BWW Review: THREESOME, Union Theatre

BWW Review: THREESOME, Union Theatre

BWW Review: THREESOME, Union TheatreBefore the internet made it possible (indeed it sometimes feels obligatory) to discover (and see) every outré sexual practice that might be dreamt in anyone's imagination, a modicum of understanding of the mechanics of female desire, physical and psychological, made a man a kind of exotic creature, somehow not quite of this world. I used to think it was because men didn't know where to look for the knowledge or whom to ask or what to say - later, I would discover that it was more the case that most men didn't listen to what women wanted and didn't care anyway. No wonder we were "from Mars".

Some of those long-forgotten thoughts came back to me, as gauche thirtysomethings, Sam and Kate, coyly ask random, but sexy, Lucy to join them for a threesome - eschewing the rather easier hook-ups online. To Sam's initial delight and overcoming Kate's half-fearful, half-curious reluctance, Michelle turns out to be a practised sexual connoisseur - it's a bit like they got Lewis Hamilton as their Uber driver.

Cue lots of talk of who would like to put what where and how many, an interesting new use for mayonnaise and strategically placed cushions saving the actors' modesty. There's much that sounds like a 15 year-old schoolboy's take on Gynaecology 101, but that's balanced off with some interesting analysis of how language needs to be properly sexualised if sex is to be enjoyed. If it's not quite "The Miller's Son" from A Little Night Music (here's my take on that song), but Jamie Patterson's script isn't quite The Inbetweeners either.

Gemma Rook's Kate gradually loosens up as she relaxes and if her big moment (as it were) has a slightly dubious political dimension, she gets what she wants from the evening and Rook's nicely judged performance never forces that er... issue.

April Pearson vamps up her Lucy in PVC corsetry and potty-mouths her way to the brass tacks of what will and will not be done off-stage in the bedroom. Every now and again, there's a look falls across her face and her hedonistic lifestyle appears to gain a sheen of vacuity - or is that just the projection of someone who knows that what works at 25 seldom does at 35, in the bedroom, the kitchen or the office. It's a subtle moment that opens a door to what the play might become with a re-write or two.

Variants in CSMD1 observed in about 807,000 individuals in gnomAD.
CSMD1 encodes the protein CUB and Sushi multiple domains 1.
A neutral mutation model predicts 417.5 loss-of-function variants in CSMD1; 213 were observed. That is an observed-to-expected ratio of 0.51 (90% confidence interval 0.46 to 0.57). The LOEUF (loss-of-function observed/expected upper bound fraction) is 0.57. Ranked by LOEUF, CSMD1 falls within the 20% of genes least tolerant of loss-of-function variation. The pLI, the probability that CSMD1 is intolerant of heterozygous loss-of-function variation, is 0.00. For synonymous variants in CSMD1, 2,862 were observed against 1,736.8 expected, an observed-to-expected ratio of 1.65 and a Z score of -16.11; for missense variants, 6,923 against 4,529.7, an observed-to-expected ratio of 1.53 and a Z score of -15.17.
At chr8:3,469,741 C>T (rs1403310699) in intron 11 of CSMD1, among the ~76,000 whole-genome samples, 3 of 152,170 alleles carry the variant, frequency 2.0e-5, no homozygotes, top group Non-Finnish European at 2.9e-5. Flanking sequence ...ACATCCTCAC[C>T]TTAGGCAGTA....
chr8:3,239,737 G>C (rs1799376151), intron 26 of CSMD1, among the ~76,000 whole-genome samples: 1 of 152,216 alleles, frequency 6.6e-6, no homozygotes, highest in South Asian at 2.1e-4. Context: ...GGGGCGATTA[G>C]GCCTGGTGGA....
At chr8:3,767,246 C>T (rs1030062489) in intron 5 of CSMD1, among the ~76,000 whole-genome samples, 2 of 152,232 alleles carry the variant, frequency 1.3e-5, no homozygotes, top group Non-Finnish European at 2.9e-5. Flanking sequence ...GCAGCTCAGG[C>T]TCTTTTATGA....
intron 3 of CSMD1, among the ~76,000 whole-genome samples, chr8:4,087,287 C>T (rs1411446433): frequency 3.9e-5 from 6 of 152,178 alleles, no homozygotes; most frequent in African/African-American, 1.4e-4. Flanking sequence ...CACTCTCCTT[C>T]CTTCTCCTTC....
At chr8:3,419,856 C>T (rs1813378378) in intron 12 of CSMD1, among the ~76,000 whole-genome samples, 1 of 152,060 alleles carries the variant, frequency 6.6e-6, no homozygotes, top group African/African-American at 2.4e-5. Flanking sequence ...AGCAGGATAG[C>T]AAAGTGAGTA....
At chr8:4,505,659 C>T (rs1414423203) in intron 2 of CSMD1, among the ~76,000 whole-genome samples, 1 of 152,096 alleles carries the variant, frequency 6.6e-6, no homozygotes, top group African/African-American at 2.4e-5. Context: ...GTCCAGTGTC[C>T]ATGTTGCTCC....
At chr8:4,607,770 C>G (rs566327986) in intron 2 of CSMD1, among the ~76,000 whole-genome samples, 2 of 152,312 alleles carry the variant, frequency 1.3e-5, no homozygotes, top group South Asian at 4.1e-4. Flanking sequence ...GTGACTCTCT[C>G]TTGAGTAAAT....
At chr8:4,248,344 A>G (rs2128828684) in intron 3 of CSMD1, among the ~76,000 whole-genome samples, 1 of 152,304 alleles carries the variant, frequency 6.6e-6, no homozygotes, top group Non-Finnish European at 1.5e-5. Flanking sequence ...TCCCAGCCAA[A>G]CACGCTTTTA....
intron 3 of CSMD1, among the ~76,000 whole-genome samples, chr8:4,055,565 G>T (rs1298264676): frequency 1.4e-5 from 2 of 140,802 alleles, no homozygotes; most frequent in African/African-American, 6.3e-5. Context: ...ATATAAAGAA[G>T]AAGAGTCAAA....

Chris Willoughby garners most of the laughs - certainly from the sizeable number of women in the audience - for his "average" guy, Sam. He looks a bit like Chris Moyles and often reminded me of Ricky Gervais in his passive aggressive moods, but, as I once heard remarked about The Full Monty, naked men are always comic and he is. Job done.

Ultimately, the test of a show like this comes with a hardening of the funny bone - does it make you laugh? It did so for many men and women, young and old, around me, but often at a naughty word, a misplaced digit or an uncharacteristically cruel putdown. Whenever a marginally more sophisticated humour threatened to break through, a mishap with a nose clipping device intervened and we were back where we started.

Like many a one night stand, Threesome is good in parts, but you're left thinking that a bit more thought and ambition might have produced a rather more satisfying experience, that lingers longer in the mind.

Threesome continues at the Union Theatre until 25 March.

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From This Author Gary Naylor

Gary Naylor Gary Naylor is chief reviewer for westend.broadwayworld.com and feels privileged to see so much of London's theatre. He writes about cricket at nestaquin.wordpress.com and also (read more...)

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